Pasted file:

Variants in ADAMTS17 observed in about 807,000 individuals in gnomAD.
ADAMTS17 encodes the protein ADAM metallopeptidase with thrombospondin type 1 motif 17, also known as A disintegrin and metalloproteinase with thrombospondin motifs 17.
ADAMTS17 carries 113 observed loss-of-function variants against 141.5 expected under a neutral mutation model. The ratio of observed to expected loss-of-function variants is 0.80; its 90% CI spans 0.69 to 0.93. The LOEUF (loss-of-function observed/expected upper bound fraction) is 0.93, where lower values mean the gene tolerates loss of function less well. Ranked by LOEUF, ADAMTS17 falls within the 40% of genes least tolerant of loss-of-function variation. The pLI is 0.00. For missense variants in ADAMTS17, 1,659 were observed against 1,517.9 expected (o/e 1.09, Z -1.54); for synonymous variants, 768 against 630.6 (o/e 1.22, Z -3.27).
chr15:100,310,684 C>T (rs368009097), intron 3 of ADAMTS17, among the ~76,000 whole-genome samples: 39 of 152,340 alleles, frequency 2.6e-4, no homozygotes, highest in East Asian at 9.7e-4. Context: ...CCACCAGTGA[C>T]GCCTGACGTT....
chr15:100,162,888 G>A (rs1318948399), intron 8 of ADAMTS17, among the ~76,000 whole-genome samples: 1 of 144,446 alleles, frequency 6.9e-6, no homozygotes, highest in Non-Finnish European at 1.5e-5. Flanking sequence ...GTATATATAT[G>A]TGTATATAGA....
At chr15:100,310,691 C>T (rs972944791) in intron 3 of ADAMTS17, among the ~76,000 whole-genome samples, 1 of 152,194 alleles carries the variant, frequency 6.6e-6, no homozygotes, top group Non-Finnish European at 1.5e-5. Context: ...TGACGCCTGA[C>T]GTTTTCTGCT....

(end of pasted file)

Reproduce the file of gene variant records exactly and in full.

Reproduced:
Variants in ADAMTS17 observed in about 807,000 individuals in gnomAD.
ADAMTS17 encodes the protein ADAM metallopeptidase with thrombospondin type 1 motif 17, also known as A disintegrin and metalloproteinase with thrombospondin motifs 17.
ADAMTS17 carries 113 observed loss-of-function variants against 141.5 expected under a neutral mutation model. The ratio of observed to expected loss-of-function variants is 0.80; its 90% CI spans 0.69 to 0.93. The LOEUF (loss-of-function observed/expected upper bound fraction) is 0.93, where lower values mean the gene tolerates loss of function less well. Ranked by LOEUF, ADAMTS17 falls within the 40% of genes least tolerant of loss-of-function variation. The pLI is 0.00. For missense variants in ADAMTS17, 1,659 were observed against 1,517.9 expected (o/e 1.09, Z -1.54); for synonymous variants, 768 against 630.6 (o/e 1.22, Z -3.27).
chr15:100,310,684 C>T (rs368009097), intron 3 of ADAMTS17, among the ~76,000 whole-genome samples: 39 of 152,340 alleles, frequency 2.6e-4, no homozygotes, highest in East Asian at 9.7e-4. Context: ...CCACCAGTGA[C>T]GCCTGACGTT....
chr15:100,162,888 G>A (rs1318948399), intron 8 of ADAMTS17, among the ~76,000 whole-genome samples: 1 of 144,446 alleles, frequency 6.9e-6, no homozygotes, highest in Non-Finnish European at 1.5e-5. Flanking sequence ...GTATATATAT[G>A]TGTATATAGA....
At chr15:100,310,691 C>T (rs972944791) in intron 3 of ADAMTS17, among the ~76,000 whole-genome samples, 1 of 152,194 alleles carries the variant, frequency 6.6e-6, no homozygotes, top group Non-Finnish European at 1.5e-5. Context: ...TGACGCCTGA[C>T]GTTTTCTGCT....